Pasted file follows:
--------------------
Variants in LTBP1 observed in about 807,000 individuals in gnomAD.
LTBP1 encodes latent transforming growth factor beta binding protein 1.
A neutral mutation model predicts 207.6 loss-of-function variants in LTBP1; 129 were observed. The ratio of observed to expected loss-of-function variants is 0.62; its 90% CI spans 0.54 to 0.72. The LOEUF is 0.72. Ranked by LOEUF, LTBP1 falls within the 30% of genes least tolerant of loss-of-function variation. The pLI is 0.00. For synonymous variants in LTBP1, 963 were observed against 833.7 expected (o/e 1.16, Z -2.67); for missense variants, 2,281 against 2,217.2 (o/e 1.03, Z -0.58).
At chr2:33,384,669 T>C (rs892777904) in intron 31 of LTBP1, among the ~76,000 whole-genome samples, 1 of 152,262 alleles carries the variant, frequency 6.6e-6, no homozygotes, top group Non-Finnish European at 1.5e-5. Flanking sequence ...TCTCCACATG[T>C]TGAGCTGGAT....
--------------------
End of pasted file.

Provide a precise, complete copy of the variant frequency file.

Variants in LTBP1 observed in about 807,000 individuals in gnomAD.
LTBP1 encodes latent transforming growth factor beta binding protein 1.
A neutral mutation model predicts 207.6 loss-of-function variants in LTBP1; 129 were observed. The ratio of observed to expected loss-of-function variants is 0.62; its 90% CI spans 0.54 to 0.72. The LOEUF is 0.72. Ranked by LOEUF, LTBP1 falls within the 30% of genes least tolerant of loss-of-function variation. The pLI is 0.00. For synonymous variants in LTBP1, 963 were observed against 833.7 expected (o/e 1.16, Z -2.67); for missense variants, 2,281 against 2,217.2 (o/e 1.03, Z -0.58).
At chr2:33,384,669 T>C (rs892777904) in intron 31 of LTBP1, among the ~76,000 whole-genome samples, 1 of 152,262 alleles carries the variant, frequency 6.6e-6, no homozygotes, top group Non-Finnish European at 1.5e-5. Flanking sequence ...TCTCCACATG[T>C]TGAGCTGGAT....